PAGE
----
Early June: Growth of Seeds
Suitable temperature and moisture are necessary to start growth in the speed, which soon bursts its covering, sending roots into the ground and a steam into the air.
The single seed-leaf (cotyledon) of corn pushes through the ground as a spear, leaving its reserve food supply below ground in the grain. Hard and soft starch is stored outside the cotyledon and absorbed by a special layer (scutellum) containing enzymes.
The two seed-leaves (cotyledons) of the bean are hoisted above ground, thus carrying their reserve food supply with them. Proteins are stored in the seed leaves.
Section of corn seed enlarged X12
Half of bean enlarged X8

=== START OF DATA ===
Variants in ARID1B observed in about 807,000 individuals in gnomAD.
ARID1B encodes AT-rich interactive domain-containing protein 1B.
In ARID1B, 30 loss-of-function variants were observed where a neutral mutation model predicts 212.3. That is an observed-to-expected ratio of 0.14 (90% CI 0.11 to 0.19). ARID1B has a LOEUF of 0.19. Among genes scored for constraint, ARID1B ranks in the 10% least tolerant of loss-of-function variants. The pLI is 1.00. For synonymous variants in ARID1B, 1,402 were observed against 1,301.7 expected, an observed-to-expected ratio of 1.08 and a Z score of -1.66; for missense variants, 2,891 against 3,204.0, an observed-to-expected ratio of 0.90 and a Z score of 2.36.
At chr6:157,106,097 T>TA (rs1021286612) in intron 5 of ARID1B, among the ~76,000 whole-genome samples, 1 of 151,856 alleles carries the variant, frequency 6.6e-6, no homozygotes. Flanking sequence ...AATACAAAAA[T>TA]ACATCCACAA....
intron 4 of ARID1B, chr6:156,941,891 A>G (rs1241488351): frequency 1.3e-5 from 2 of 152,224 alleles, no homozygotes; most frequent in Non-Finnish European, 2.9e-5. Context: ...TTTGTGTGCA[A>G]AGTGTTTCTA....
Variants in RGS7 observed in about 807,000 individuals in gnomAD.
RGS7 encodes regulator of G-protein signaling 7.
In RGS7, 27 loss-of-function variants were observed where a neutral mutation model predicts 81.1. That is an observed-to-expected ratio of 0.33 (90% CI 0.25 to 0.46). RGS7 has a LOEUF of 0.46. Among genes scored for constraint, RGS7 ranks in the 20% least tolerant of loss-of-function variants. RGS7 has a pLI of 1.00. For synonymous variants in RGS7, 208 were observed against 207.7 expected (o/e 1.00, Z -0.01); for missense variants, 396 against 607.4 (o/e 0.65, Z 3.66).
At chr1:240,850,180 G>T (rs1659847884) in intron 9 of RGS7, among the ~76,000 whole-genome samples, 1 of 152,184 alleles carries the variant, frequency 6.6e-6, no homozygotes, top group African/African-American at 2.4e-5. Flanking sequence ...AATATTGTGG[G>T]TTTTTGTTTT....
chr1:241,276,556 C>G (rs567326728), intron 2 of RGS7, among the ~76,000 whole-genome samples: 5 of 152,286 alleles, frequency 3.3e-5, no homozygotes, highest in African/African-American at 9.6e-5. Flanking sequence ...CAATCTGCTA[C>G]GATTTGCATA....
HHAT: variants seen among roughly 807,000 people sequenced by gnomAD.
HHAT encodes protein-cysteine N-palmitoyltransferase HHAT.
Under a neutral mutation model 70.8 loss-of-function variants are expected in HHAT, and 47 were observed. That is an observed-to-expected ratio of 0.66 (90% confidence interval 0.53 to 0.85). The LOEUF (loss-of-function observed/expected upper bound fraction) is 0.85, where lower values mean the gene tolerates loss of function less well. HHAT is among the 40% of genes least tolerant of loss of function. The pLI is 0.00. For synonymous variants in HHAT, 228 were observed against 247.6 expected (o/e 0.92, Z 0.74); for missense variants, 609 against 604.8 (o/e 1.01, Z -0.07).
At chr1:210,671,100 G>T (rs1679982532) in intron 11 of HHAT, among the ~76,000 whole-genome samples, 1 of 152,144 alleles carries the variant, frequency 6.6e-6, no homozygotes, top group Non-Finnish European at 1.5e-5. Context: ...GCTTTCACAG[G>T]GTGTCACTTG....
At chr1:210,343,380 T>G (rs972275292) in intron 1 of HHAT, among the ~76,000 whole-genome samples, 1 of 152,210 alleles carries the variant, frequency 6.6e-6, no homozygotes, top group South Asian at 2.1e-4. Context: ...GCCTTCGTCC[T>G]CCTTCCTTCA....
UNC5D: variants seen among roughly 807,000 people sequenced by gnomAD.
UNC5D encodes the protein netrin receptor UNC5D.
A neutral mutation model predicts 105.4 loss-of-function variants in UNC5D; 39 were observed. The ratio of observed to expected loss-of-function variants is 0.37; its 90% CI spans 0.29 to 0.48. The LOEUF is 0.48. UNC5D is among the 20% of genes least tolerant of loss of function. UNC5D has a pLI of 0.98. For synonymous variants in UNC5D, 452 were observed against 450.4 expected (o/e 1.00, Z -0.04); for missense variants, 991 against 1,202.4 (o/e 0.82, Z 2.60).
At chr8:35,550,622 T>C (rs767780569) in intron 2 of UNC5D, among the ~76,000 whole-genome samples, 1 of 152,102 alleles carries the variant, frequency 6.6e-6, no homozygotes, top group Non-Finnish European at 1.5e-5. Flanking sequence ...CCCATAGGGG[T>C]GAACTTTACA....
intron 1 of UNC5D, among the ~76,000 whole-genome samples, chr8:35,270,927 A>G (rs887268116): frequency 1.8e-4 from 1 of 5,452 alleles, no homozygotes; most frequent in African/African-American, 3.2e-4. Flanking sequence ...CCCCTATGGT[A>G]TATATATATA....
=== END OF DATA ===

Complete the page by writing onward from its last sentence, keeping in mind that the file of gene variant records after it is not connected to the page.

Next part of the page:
Cotyledon (2) coleoptile (young shoot) primary root
Plumule (young shoot)
Early October: Pumpkin and Corn
Four major pests of the pumpkin are the Squash Bug which sucks the sap from the underside of the leaves, the Spotted Cucumber Beetle and the Striped Cucumber Beetle which feed on the leaves, and the Squash Borer Moth, the larva of which bores into the base of the stems.
Pumpkins are often planted among the corn and are more readily seen after the corn has been cut. Pollen-bearing flowers (male) are on separate plants from the pistillate flowers (female) which produce pumpkins. Pollen is carried by insects from one flower to another to bring about fertilization.
Crops of this region are connected almost entirely with the dairy industry, either as fodder or for soil enrichment. By rotating his crops, the farmer can prevent the soil from becoming exhausted. The usual rotation is two years of clover, or alfalfa, one of hay, and one of corn.
Winter wheat and barley are used as cover crops to reduce erosion of the soil during the winter. Oats are planted in the spring mostly for fodder.
Rotation of Farm Crops in Dutchess County, New York
Part of Hall of New York State Environment.